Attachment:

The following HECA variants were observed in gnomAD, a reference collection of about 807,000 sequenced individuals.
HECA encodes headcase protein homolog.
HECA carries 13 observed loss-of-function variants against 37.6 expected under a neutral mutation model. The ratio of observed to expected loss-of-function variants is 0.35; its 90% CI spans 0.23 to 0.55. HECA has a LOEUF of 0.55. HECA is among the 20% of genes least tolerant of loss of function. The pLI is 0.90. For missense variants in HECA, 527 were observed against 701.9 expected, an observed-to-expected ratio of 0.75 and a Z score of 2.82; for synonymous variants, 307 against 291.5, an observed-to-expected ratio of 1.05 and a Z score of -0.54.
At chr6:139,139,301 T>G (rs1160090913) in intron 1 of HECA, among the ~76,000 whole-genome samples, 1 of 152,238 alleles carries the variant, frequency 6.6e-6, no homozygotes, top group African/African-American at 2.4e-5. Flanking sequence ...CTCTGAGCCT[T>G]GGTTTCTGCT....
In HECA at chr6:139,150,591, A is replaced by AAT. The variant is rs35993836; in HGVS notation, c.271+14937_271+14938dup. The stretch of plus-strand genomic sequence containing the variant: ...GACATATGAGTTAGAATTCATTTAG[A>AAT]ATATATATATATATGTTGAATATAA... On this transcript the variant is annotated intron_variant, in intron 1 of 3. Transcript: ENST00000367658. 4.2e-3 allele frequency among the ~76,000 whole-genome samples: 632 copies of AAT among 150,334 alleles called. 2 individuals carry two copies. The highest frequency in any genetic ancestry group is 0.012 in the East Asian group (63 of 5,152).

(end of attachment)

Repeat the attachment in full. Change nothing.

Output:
The following HECA variants were observed in gnomAD, a reference collection of about 807,000 sequenced individuals.
HECA encodes headcase protein homolog.
HECA carries 13 observed loss-of-function variants against 37.6 expected under a neutral mutation model. The ratio of observed to expected loss-of-function variants is 0.35; its 90% CI spans 0.23 to 0.55. HECA has a LOEUF of 0.55. HECA is among the 20% of genes least tolerant of loss of function. The pLI is 0.90. For missense variants in HECA, 527 were observed against 701.9 expected, an observed-to-expected ratio of 0.75 and a Z score of 2.82; for synonymous variants, 307 against 291.5, an observed-to-expected ratio of 1.05 and a Z score of -0.54.
At chr6:139,139,301 T>G (rs1160090913) in intron 1 of HECA, among the ~76,000 whole-genome samples, 1 of 152,238 alleles carries the variant, frequency 6.6e-6, no homozygotes, top group African/African-American at 2.4e-5. Flanking sequence ...CTCTGAGCCT[T>G]GGTTTCTGCT....
In HECA at chr6:139,150,591, A is replaced by AAT. The variant is rs35993836; in HGVS notation, c.271+14937_271+14938dup. The stretch of plus-strand genomic sequence containing the variant: ...GACATATGAGTTAGAATTCATTTAG[A>AAT]ATATATATATATATGTTGAATATAA... On this transcript the variant is annotated intron_variant, in intron 1 of 3. Transcript: ENST00000367658. 4.2e-3 allele frequency among the ~76,000 whole-genome samples: 632 copies of AAT among 150,334 alleles called. 2 individuals carry two copies. The highest frequency in any genetic ancestry group is 0.012 in the East Asian group (63 of 5,152).